On Russia’s Ongoing Aggression against Ukraine and Illegal Occupation of Crimea

Crimea is Ukraine

Ongoing Violations of International Law and Defiance of OSCE Principles and Commitments by the Russian Federation in Ukraine

As delivered by Deputy Chief of Mission Courtney Austrian
to the Permanent Council, Vienna
October 29, 2020

Thank you, Madam Chair.

As October draws to a close, we are encouraged by another month of lower levels of violence in eastern Ukraine.  It has now been three months since the July 27 agreement, and the civilian communities of eastern Ukraine have experienced the longest period of relative calm since Russia launched this conflict in 2014.

The situation is far from normal, however, as explosive devices continue to maim or kill civilians.  In October, the Special Monitoring Mission reported seven civilians injured and one killed by explosive devices, a stark reminder of the risks that will plague these communities for years to come.  Every day that Russia delays its removal of forces and equipment from Ukraine only extends that suffering. 

Russia-led forces continue to impede the work of the SMM, restricting the movement of its monitors and preventing them from fulfilling the mission’s mandate.  

SMM UAVs continue to experience weekly instances of signal interference or targeting by small arms fire.  As we, and others, have done on countless occasions in this Permanent Council, we again call on Russia to direct its forces to cease their harassment of the Special Monitoring Mission.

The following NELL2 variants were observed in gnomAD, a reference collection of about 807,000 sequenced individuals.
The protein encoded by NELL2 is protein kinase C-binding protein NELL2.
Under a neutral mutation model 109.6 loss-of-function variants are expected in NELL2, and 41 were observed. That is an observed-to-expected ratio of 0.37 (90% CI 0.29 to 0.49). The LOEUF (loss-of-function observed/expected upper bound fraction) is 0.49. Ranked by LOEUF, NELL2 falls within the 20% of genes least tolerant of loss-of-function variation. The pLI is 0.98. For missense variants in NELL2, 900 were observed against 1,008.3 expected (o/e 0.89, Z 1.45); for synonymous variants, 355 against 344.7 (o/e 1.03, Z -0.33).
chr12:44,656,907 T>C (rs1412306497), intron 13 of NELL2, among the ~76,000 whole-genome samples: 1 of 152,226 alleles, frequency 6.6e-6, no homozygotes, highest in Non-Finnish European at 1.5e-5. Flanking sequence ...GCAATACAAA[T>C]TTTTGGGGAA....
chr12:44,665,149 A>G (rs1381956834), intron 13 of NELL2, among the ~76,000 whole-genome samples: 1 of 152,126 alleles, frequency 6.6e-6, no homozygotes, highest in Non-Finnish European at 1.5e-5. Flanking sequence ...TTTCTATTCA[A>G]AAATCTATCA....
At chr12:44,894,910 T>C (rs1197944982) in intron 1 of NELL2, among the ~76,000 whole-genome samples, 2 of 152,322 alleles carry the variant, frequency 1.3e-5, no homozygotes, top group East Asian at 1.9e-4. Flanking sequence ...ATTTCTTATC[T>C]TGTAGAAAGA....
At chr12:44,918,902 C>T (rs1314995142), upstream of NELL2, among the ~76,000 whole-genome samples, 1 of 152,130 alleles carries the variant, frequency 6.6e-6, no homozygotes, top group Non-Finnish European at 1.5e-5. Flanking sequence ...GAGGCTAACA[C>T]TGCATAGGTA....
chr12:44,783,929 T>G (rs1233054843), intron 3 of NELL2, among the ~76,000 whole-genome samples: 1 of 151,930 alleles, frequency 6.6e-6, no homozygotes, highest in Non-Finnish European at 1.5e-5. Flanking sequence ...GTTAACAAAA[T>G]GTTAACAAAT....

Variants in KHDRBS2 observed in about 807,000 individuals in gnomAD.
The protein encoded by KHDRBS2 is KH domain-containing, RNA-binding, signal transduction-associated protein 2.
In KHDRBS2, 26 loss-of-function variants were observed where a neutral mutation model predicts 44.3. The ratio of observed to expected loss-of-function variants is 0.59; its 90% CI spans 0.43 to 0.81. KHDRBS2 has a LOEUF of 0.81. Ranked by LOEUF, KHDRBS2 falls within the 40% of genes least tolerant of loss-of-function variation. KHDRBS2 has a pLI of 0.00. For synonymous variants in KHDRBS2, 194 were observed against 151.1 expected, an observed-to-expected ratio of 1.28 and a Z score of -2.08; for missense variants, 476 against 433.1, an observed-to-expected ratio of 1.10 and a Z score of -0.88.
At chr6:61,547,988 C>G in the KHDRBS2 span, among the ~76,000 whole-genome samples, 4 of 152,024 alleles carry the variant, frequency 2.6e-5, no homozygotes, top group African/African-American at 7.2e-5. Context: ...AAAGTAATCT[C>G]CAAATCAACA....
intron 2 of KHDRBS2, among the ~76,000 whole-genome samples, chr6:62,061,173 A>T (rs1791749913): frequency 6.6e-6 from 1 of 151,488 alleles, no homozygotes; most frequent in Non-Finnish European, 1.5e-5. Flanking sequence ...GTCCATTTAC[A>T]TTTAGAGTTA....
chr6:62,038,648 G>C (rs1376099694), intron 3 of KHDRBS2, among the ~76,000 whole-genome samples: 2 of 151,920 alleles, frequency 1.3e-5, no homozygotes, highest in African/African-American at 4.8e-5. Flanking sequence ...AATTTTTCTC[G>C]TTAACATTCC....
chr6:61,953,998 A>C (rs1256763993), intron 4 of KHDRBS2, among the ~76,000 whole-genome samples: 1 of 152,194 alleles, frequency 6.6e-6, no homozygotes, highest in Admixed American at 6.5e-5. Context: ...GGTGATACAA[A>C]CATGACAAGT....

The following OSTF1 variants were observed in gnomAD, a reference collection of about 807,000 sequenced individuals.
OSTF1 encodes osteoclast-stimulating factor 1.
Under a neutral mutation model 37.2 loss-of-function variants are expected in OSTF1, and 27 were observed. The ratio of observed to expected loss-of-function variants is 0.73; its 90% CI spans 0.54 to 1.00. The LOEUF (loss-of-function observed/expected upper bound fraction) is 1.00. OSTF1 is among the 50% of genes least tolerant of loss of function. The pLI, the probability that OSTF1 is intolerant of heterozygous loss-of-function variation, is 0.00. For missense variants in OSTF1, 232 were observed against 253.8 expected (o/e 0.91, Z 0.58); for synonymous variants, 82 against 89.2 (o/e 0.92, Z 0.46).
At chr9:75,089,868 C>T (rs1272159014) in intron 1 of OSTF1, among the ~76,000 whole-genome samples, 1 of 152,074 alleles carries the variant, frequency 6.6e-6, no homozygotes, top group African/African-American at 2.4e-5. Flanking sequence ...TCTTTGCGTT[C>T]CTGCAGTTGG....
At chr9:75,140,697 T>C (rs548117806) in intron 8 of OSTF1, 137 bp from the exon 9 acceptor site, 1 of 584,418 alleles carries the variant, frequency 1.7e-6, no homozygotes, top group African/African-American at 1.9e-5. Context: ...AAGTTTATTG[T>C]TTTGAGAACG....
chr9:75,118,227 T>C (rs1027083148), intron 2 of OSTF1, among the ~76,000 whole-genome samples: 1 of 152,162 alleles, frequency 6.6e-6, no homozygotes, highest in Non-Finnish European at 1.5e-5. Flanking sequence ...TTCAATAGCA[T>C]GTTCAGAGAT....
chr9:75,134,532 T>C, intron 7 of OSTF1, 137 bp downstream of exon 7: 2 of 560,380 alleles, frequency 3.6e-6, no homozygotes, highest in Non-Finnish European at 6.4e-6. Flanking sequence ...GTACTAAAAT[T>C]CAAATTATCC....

We congratulate Ukraine on its local elections and welcome the latest chapter in Ukraine’s democracy.  After years of reform, Kyiv has successfully put more power in the hands of its citizenry and local officials.  It is regrettable that Ukraine’s citizens living under Russian occupation in Crimea and under Russian control in parts of the Donbas were not able to join their fellow Ukrainian citizens in the voting booths.  We look forward to the day when they will live in Ukraine’s flourishing, vibrant democracy unlike anything Russia can offer.

Moscow and its proxies have stalled progress in the Trilateral Contact Group throughout the summer, choosing to block substantive discussions on concrete deliverables via a months-long debate over the July 15 Rada resolution on local elections.  Ukraine and a number of participating States have been clear on this issue: free and fair elections cannot take place at the barrel of a gun.  There can be no elections in areas of the Donbas now under Russia’s control until a safe and secure environment exists; until Russia withdraws its forces, equipment, and support for armed formations, as the Minsk agreements demand.

It is time for Russia to end its obstructionism and engage in genuine diplomacy.  As we have said before, the quieter situation on the ground in eastern Ukraine provides the political space needed for progress on concrete deliverables like demining, establishing new entry-exit crossing points and disengagement areas, and facilitating the mutual exchange of detainees.  It is now time for Moscow to match the political will shown by Ukraine.  Only then can we expect to see real, substantive progress.